Mitochondrial DNA testing examines a type of DNA that women pass on to their children. Since a mother passes on her mtDNA to ALL her children, both males and females can take this test.
While men receive mitochondrial DNA from their mother, they do not pass it on to their children
This DNA test type can be used to trace the direct maternal line, i.e. your mother's mother's mother etc. back hundreds of years.
You may discover a lot of matches in a database of mtDNA test results. You should contact your matches to find out more about where your common ancestors may be from.
As the database continues to grow, you will automatically be compared against new results, and you will be notified by email of your new matches.
Just be aware that mitochondrial DNA mutates more slowly than Y-DNA. This means the common ancestor responsible for your match may not have been a recent one.
The mtFullSequence test at Family Tree DNA (FTDNA) is the only mtDNA test that covers 100% of your mitochondrial DNA. They also have the world's largest mtDNA database of other testers for comparison. There is no other company that makes sense for this type of DNA test.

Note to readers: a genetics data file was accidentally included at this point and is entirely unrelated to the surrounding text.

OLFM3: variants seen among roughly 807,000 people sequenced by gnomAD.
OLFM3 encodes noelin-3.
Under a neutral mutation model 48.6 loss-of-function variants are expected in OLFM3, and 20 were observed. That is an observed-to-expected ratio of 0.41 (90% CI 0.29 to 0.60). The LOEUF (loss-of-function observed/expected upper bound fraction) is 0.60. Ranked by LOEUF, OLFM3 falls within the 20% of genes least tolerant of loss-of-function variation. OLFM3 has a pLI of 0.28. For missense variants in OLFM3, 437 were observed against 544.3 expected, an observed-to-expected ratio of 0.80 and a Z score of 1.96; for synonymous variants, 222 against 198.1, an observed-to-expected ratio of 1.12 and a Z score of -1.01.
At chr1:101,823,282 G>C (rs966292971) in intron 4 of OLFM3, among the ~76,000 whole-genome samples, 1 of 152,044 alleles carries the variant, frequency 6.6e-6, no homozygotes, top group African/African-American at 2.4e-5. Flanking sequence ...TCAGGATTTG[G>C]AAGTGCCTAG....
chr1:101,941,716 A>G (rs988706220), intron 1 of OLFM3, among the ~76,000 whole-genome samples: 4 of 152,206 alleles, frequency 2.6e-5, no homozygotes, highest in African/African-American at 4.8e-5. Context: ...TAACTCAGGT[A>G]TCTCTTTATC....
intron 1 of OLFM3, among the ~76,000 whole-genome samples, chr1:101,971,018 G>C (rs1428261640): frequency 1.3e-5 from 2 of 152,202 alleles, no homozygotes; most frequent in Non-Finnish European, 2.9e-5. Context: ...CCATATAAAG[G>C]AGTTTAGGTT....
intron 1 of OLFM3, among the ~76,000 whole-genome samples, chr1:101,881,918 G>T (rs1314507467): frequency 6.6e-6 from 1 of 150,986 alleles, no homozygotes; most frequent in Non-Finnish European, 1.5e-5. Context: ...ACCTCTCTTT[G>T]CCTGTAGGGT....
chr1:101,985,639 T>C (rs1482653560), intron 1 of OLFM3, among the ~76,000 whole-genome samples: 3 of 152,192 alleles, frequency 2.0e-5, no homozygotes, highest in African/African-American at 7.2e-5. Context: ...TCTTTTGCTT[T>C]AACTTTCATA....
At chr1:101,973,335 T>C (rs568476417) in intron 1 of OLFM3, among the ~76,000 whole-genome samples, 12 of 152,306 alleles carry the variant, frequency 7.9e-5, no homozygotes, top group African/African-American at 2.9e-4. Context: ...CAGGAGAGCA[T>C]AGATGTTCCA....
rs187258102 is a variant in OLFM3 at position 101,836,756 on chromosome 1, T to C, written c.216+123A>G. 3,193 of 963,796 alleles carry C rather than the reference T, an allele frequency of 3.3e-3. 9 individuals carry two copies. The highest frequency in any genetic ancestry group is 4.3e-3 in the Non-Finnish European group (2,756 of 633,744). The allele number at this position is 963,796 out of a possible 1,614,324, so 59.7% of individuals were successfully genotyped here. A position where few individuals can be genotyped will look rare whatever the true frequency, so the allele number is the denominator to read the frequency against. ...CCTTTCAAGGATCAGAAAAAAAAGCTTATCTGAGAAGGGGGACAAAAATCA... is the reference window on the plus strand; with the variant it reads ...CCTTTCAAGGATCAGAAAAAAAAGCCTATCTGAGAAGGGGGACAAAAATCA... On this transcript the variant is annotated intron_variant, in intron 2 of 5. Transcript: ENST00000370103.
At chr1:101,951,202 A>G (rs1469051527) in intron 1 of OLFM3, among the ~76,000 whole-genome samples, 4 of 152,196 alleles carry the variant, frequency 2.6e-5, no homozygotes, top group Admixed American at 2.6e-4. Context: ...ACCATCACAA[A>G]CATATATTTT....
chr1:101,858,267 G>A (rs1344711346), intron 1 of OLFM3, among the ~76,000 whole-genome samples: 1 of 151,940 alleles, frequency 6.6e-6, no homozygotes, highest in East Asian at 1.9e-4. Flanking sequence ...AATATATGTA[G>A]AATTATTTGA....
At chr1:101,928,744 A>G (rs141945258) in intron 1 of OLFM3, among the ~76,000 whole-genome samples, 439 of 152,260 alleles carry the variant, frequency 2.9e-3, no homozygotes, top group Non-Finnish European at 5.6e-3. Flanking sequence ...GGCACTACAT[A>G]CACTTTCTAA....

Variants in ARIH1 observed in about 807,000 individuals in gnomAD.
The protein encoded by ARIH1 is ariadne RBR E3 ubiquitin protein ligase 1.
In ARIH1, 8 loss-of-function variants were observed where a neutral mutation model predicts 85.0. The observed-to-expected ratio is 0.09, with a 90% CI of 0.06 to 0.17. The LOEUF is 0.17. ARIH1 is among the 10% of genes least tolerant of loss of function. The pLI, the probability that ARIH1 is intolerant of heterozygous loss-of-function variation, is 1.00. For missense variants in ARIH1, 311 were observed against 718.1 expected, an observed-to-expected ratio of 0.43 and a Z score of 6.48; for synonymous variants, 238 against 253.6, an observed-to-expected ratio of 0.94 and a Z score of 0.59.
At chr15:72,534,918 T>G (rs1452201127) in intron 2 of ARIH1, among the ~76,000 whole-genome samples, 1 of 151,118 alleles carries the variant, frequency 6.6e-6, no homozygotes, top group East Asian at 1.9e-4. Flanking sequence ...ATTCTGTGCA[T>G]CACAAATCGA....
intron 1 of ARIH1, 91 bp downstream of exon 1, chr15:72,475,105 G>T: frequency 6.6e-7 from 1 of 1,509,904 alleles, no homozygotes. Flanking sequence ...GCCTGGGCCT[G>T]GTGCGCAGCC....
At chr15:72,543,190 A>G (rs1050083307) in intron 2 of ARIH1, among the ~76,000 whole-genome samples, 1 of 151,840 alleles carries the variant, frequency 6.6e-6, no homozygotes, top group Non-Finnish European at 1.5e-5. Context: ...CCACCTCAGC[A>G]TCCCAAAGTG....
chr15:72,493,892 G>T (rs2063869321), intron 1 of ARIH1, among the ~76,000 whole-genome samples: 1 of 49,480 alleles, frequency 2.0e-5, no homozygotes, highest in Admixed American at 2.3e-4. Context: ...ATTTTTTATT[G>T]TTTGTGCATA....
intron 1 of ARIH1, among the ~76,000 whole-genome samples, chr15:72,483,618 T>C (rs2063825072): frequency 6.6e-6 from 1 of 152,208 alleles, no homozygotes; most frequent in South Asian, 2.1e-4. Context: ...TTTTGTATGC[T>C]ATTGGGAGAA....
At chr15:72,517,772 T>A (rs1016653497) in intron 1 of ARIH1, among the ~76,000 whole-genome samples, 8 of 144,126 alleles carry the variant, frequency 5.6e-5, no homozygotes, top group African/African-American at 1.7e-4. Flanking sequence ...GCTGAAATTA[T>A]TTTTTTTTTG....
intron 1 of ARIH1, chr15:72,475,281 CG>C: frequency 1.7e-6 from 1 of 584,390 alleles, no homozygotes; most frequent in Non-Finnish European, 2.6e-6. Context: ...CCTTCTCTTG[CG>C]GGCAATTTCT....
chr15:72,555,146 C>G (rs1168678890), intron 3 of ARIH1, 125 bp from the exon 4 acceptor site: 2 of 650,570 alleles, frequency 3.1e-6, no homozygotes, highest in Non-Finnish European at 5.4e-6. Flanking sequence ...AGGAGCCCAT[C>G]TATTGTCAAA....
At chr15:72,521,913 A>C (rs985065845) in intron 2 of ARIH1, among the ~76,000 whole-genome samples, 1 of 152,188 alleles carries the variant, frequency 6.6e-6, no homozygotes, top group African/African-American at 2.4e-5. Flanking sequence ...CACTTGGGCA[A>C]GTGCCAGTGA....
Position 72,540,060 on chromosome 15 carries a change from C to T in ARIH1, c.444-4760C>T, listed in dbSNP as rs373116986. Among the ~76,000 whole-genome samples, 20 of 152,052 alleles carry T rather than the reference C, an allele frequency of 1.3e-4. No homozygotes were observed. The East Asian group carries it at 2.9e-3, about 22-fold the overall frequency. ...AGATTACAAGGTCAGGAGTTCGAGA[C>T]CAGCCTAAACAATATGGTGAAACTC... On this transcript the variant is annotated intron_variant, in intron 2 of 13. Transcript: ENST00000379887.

If you tested earlier, when less comprehensive mtDNA tests were still offered, log into your account at FTDNA. You have the option to upgrade to the mtFullSequence test at a lower price.
This mtDNA test will also provide your maternal haplogroup. That will show where your direct maternal ancestors came from, their locations in historic times and how they migrated throughout the world.
That path will be illustrated in a fun, personalized video that you can share with other family members.
NOTE: Certain haplogroups will confirm Native American ancestry on your direct maternal line.
With your mtDNA results, you can easily join many of the free genealogical research projects based on haplogroups that are hosted by knowledgeable volunteers. Projects are designed to help individuals who may have similar ancestry connect with one another
One great use of mtDNA testing is to confirm whether or not two people share a specific common ancestor in their direct maternal lines. If they have different haplogroups, they cannot be in the same direct maternal line.
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